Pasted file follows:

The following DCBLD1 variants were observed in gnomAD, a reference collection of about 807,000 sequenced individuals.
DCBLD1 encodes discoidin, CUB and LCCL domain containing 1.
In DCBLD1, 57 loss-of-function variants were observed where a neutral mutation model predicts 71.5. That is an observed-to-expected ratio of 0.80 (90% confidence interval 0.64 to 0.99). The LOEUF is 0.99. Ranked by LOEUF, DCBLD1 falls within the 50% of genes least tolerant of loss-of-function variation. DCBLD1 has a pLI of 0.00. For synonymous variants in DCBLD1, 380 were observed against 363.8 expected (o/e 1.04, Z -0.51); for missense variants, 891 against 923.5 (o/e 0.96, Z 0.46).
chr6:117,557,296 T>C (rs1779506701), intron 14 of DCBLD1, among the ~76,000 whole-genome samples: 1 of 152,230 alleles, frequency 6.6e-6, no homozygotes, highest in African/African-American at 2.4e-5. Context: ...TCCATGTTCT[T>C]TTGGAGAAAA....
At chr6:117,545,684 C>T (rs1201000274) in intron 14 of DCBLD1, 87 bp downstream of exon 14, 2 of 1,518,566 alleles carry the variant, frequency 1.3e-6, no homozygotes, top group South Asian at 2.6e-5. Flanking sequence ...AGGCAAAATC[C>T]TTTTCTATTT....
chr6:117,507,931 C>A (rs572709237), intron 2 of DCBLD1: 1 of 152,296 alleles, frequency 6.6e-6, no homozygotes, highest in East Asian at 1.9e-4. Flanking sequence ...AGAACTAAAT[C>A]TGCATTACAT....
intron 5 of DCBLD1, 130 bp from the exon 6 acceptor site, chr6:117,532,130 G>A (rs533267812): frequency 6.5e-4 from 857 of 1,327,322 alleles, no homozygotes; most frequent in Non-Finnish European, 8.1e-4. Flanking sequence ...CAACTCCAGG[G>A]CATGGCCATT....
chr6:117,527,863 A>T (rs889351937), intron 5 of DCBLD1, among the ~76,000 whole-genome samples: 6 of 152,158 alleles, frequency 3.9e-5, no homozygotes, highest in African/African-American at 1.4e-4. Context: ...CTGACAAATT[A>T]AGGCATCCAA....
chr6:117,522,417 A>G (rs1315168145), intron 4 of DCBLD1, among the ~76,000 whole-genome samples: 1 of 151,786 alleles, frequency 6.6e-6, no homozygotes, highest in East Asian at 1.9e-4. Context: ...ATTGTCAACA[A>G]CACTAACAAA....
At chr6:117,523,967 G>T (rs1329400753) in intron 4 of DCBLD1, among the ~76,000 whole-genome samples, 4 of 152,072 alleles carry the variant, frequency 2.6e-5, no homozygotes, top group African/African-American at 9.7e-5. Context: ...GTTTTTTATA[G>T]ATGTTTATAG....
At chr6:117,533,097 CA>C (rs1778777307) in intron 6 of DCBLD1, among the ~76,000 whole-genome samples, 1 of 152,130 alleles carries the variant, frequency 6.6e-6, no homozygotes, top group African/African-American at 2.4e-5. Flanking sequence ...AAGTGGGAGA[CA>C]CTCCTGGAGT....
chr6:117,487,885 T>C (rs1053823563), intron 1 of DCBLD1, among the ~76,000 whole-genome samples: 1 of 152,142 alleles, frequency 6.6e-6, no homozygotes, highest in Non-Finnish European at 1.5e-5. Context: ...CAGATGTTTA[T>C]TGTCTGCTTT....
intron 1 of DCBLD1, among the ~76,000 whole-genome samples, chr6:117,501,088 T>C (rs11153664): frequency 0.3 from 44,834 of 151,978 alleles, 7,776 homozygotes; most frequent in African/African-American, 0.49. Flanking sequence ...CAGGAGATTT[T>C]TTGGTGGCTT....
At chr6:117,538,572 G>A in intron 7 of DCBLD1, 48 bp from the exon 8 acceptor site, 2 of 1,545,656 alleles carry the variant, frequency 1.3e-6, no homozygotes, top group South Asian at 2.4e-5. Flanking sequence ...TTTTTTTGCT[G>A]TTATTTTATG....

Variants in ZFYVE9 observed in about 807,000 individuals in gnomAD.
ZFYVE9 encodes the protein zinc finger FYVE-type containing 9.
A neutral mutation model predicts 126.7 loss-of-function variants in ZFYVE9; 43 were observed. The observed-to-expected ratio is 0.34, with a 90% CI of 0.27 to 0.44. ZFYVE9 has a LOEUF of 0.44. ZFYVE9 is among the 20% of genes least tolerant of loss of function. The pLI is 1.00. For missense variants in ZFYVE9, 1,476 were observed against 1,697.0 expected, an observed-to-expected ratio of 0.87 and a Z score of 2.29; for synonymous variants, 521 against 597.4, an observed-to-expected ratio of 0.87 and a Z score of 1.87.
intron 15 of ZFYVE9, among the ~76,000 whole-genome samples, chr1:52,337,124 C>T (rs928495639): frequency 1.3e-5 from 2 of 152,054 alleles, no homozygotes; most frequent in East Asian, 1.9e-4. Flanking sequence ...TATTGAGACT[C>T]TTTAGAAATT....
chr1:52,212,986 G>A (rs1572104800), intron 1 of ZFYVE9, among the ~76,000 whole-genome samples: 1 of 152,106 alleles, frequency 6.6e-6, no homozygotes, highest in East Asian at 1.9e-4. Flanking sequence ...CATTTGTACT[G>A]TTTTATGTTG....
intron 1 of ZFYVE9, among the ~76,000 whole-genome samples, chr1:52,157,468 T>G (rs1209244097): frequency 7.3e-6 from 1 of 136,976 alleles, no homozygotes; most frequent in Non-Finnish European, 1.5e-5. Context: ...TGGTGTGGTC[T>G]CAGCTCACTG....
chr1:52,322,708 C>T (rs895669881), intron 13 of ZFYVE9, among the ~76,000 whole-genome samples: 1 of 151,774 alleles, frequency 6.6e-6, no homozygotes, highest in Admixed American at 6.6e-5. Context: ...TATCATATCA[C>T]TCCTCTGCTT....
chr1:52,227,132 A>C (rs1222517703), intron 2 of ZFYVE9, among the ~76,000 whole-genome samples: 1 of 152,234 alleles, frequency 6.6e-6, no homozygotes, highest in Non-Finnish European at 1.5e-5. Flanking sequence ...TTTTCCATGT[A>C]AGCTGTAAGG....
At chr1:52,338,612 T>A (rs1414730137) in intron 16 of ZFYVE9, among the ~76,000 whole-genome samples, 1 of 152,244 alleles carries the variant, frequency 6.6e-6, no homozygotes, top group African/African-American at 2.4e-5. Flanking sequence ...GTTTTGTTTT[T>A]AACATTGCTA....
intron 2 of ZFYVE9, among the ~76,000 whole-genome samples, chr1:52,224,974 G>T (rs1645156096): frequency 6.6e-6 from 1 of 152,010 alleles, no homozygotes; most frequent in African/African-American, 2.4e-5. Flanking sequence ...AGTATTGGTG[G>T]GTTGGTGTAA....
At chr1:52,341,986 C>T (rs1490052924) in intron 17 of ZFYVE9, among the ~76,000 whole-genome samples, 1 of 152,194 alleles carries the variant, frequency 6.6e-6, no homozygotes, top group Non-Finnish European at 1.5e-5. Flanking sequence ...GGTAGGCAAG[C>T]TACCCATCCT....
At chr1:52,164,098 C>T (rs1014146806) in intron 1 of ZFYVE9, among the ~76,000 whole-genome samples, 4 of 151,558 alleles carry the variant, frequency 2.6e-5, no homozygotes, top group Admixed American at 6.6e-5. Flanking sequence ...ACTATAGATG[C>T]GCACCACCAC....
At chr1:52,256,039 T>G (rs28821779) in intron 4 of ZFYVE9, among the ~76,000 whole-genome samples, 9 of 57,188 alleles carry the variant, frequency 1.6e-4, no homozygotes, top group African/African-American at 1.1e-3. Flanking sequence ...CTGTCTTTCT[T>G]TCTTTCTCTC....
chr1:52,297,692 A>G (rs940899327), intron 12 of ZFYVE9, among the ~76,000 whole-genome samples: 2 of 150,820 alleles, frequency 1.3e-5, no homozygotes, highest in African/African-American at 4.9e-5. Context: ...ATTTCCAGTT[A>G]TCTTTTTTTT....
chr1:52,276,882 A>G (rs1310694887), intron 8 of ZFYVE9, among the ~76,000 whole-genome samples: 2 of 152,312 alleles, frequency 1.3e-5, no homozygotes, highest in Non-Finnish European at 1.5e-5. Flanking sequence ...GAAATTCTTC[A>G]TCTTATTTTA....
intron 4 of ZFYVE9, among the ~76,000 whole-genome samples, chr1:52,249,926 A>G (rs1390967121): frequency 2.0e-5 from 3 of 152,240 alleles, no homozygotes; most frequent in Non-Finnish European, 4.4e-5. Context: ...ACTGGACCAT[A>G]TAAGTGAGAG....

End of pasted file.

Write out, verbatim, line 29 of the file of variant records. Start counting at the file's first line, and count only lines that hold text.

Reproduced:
chr1:52,276,882 A>G (rs1310694887), intron 8 of ZFYVE9, among the ~76,000 whole-genome samples: 2 of 152,312 alleles, frequency 1.3e-5, no homozygotes, highest in Non-Finnish European at 1.5e-5. Flanking sequence ...GAAATTCTTC[A>G]TCTTATTTTA....